“Oh yes,” Katrisha said. “Seems he was to inherit the troupe, and wanted nothing of it. Apparently his sister has never quite forgiven him.”
“Forgiven him?” Maraline seemed bewildered by the idea, and stopped at the steps that lead up the outside of the north wall.
“Oh yes,” Katrisha said. “How would you feel if your brother, suddenly, and quite without sufficient warning advocated the kingdom to you?”
“Me, Queen?” Maraline laughed, but she seemed vaguely pleased by the idea.
“With all the petty squabbles that come with it,” Katrisha redirected.
“Mortified, I suppose,” Maraline acknowledged, and started up the steps.
“And there are not a great many Queens who actually reign, are there?” Katrisha added.
“No, that does sound tiresome.”
“There are fewer women among the trade princes,” Katrisha noted. “So while I am sure she is quite happy to be rich, and defy convention. It has been a load of hassle for her, and the perfect excuse to berate her older brother when they meet.”
“Ah, now that alone sounds worth it,” Maraline said with good humor.
“What has Adrian done to irk you?” Katrisha asked curiously.
“Nothing polite to speak,” Maraline said conspiratorially.
“Then I wish to hear it all the more.” Katrisha laughed.
“You are terrible,” Maraline said in good humor. “Still, no, no. It is only a suspicion, somewhere I have seen his eye turn that I do not approve, and I would not forgive myself for speaking it aloud.”
“Are you certain?” Katrisha pressed.
“Yes, quite,” Maraline said, becoming thin lipped, and turned to look out over the forest far below.
“Speaking of where eyes turn,” Katrisha said stepping away from the topic the princess would not broach further. “How did your trip to South Rook go beyond unknowingly meeting Mercu’s sister?”
“Spectacularly,” Maraline said with thinly restrained excitement.
“How so?” Katrisha asked, and hopped up onto the parapet beside her.
“I do think he truly likes me,” the princess said looking up at her less dignified younger friend, who thought nothing of having gotten up, and sitting there without a care. She was a bit jealous of that, the carefree lack of restraint Katrisha often showed.
“Did you kiss?” Katrisha asked.
“What, no, no,” Maraline blushed. “Nothing so forward, but we walked, we talked,” she grabbed Katrisha’s hand excitedly where it lay on the parapet, “we held hands!”
“So, just as we have done today?” Katirsha teased. “Are we now to be engaged?”
The princess looked down at the hand she had grabbed, and released it turning a bit crimson. “You are terrible,” she laughed.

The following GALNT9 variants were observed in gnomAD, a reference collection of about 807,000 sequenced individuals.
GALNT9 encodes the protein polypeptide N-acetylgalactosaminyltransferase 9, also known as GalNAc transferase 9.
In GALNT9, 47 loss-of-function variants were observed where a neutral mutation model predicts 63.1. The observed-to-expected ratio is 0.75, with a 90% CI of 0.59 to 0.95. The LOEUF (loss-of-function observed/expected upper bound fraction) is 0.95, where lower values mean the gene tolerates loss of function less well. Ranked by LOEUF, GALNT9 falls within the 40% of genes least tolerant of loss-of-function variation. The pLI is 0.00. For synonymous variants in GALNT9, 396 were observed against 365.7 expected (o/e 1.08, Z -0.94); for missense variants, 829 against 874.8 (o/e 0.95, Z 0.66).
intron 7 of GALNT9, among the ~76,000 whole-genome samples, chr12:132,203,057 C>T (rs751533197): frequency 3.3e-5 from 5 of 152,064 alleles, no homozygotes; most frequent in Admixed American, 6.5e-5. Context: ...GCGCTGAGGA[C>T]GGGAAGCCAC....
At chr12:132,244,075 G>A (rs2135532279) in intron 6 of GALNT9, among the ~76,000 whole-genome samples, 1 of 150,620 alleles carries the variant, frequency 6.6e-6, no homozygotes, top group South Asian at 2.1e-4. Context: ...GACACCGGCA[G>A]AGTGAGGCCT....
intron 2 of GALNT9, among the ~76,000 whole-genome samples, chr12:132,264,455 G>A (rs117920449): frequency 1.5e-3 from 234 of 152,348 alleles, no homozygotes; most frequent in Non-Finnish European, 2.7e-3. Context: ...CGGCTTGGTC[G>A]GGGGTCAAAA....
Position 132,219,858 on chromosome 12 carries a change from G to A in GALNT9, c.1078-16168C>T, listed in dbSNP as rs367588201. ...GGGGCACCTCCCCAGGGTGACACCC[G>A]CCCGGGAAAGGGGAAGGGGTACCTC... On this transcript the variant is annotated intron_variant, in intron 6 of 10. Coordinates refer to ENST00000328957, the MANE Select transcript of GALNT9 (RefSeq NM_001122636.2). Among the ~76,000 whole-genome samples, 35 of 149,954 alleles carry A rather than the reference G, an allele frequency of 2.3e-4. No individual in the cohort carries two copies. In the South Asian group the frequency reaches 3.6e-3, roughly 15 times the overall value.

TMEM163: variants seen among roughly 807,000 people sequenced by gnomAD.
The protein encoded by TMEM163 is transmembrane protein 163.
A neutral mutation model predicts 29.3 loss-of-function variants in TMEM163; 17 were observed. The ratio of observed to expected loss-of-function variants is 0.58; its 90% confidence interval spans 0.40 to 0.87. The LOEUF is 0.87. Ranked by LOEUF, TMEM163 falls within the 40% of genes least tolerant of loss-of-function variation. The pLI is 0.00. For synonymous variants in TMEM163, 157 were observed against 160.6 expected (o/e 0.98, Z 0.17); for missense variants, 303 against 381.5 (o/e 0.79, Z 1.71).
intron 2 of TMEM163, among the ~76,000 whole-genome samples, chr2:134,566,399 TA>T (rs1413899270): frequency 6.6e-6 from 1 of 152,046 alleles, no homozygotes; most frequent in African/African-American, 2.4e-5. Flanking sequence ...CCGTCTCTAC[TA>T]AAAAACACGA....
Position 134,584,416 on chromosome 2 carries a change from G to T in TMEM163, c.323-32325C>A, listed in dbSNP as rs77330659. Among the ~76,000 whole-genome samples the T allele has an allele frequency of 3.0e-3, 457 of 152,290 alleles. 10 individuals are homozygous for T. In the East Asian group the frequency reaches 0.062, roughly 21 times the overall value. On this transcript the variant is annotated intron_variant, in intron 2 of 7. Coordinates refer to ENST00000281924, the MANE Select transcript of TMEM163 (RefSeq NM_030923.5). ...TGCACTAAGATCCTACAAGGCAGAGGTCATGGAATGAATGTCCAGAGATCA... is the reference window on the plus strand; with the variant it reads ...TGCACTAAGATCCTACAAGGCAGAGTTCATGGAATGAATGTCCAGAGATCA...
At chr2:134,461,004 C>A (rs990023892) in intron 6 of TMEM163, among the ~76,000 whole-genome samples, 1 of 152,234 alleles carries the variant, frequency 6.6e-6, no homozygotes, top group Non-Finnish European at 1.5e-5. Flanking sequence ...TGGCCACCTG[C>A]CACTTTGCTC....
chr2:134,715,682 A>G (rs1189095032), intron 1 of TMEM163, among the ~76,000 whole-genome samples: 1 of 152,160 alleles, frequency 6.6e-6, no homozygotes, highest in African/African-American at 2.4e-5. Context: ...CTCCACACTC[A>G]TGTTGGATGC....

“That is becoming something of a refrain,” Katrisha noted. “Yet you seem amused.”
Another laugh. “It means so much more for a young man and woman. We are friends, dear Katrisha. Lukus is a charming young, man and a suitor. It means so much more.”
“As you say, I am glad you are happy,” Katrisha said with a smile.
“So very,” Maraline nodded.
Katrisha seemed thoughtful a moment. “I’ve not heard word of a caravan coming into Brokhal. Surely Samantha was headed north next?”
“West actually, I believe,” Maraline said, “to Wesrook.”
“That should mean they will come through Brokhal sometime soon then,” Katrish noted.
“I would think,” Maraline agreed.
“I must press Mercu about this,” Katrisha laughed. “Can’t have him avoiding his sister again.”
⁃ ◇ ❖ ◇ ⁃
Coria 20th, 642 E.R.
“He road it…” Laurel looked befuddled staring at the note that had been handed to him.
“What?” Mercu asked not following at all.
“He road the light forsaken dragon.”
“What!?” Mercu repeated wide eyed.
“Either Jeoffery has lost all sense, someone has fooled with the communication, or prince Vharen has literally flown off on the back of a black dragon into the western mountains of Osyrae.”
“So he’s seeking the favor of the General then, not the Queen,” Mercu said rubbing his forehead, and trying to pluck something sensible from an otherwise absurd statement.
“I guess, it makes as much sense as anything. The dragon was captured in the north. Evens out the potential insult. Not that anything makes sense.”
“Surely the stunt won’t work. Maybe he will wind up dead?”
“I’m not fully sure that will even be that much of an improvement. He road the dragon for abyss sake. Who…how? There is no record of anyone – ever – riding a dragon. Let alone a feral one.”
“I’ve heard some stories out of Napir. One of Roshana’s younger daughters, very fond of a certain monk. I mean it is just a story, but yes. It is hard to believe.”